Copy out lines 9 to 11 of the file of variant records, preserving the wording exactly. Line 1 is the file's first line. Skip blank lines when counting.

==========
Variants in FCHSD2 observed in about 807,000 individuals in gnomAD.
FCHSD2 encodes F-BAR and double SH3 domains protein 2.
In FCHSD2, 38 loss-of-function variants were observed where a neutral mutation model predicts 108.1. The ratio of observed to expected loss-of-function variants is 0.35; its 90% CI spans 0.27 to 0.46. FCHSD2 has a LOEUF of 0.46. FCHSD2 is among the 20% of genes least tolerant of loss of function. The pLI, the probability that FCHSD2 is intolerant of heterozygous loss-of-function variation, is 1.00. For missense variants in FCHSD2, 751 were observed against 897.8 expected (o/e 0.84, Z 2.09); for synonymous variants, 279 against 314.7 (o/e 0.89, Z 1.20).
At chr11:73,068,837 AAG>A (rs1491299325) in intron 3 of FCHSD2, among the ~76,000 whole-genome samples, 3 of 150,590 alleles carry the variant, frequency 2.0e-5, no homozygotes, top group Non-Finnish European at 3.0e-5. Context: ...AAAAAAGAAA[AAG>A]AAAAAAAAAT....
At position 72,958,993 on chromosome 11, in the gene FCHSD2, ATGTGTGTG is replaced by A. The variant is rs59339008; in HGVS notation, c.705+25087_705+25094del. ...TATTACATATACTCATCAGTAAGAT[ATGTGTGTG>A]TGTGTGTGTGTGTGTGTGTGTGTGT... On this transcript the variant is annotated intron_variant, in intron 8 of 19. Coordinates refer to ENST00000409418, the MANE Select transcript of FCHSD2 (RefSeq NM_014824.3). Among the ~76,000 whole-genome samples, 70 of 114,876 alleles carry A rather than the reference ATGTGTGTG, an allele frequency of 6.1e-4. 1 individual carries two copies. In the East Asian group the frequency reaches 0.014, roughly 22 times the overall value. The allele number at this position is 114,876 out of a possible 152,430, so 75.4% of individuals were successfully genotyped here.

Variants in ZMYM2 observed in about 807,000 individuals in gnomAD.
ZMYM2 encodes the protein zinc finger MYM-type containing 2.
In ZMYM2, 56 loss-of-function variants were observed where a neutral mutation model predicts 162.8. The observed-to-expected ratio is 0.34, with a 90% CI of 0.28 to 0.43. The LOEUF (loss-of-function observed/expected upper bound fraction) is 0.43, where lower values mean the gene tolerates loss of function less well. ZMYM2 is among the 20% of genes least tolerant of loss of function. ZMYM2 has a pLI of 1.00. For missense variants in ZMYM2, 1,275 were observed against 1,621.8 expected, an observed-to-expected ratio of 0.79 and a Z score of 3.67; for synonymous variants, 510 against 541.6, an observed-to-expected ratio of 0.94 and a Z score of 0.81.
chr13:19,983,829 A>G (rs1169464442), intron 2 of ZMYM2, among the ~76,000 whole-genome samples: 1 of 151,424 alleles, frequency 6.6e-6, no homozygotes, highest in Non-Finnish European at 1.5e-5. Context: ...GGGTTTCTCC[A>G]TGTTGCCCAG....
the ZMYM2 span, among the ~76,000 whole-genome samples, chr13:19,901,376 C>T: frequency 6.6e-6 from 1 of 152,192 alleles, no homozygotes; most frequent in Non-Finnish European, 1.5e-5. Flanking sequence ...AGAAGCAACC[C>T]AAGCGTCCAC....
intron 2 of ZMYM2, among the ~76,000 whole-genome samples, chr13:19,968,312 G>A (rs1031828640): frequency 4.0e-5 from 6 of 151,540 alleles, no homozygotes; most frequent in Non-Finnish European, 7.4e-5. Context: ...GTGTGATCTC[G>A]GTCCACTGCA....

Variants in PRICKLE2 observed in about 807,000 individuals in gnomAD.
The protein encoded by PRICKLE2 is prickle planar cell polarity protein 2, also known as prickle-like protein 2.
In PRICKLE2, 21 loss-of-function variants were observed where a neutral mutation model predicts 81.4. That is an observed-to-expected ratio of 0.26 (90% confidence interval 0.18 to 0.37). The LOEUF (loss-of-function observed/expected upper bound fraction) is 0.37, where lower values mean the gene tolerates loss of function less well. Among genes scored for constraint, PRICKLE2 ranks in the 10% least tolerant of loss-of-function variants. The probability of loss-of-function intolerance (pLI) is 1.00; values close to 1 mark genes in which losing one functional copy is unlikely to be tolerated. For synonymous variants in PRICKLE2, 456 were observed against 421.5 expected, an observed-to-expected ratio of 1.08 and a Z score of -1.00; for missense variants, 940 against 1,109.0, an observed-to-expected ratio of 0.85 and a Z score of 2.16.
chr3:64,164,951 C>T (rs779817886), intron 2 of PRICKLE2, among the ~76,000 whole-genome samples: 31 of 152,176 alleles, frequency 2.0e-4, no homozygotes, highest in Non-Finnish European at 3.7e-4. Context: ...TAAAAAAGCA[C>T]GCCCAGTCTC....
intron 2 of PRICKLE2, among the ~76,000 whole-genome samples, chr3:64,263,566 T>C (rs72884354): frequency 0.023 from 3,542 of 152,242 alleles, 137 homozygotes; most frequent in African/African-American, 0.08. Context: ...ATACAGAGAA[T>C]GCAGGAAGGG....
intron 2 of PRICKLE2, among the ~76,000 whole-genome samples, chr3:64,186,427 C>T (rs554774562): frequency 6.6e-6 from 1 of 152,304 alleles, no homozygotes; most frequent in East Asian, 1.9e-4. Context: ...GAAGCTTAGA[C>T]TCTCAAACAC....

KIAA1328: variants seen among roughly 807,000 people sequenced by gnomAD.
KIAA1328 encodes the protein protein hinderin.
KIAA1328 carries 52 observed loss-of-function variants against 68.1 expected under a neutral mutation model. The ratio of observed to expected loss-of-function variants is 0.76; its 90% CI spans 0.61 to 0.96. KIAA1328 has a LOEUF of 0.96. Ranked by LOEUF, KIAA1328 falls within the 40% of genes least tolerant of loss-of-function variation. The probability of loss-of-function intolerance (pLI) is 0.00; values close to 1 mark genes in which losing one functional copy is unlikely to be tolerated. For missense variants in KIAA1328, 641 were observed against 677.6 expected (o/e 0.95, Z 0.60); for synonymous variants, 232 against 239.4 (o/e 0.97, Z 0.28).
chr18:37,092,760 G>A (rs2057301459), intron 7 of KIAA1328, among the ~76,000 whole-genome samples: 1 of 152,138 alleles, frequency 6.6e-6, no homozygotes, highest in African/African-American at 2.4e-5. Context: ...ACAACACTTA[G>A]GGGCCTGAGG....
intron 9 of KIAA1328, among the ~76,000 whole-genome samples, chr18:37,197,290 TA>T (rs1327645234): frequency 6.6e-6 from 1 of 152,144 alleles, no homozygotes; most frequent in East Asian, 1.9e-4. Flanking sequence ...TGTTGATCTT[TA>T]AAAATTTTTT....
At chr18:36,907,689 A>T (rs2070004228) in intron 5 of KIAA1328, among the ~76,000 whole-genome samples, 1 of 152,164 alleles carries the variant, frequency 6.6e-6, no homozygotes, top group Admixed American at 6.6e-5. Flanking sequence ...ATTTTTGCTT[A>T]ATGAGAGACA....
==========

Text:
chr13:19,983,829 A>G (rs1169464442), intron 2 of ZMYM2, among the ~76,000 whole-genome samples: 1 of 151,424 alleles, frequency 6.6e-6, no homozygotes, highest in Non-Finnish European at 1.5e-5. Context: ...GGGTTTCTCC[A>G]TGTTGCCCAG....
the ZMYM2 span, among the ~76,000 whole-genome samples, chr13:19,901,376 C>T: frequency 6.6e-6 from 1 of 152,192 alleles, no homozygotes; most frequent in Non-Finnish European, 1.5e-5. Flanking sequence ...AGAAGCAACC[C>T]AAGCGTCCAC....
intron 2 of ZMYM2, among the ~76,000 whole-genome samples, chr13:19,968,312 G>A (rs1031828640): frequency 4.0e-5 from 6 of 151,540 alleles, no homozygotes; most frequent in Non-Finnish European, 7.4e-5. Context: ...GTGTGATCTC[G>A]GTCCACTGCA....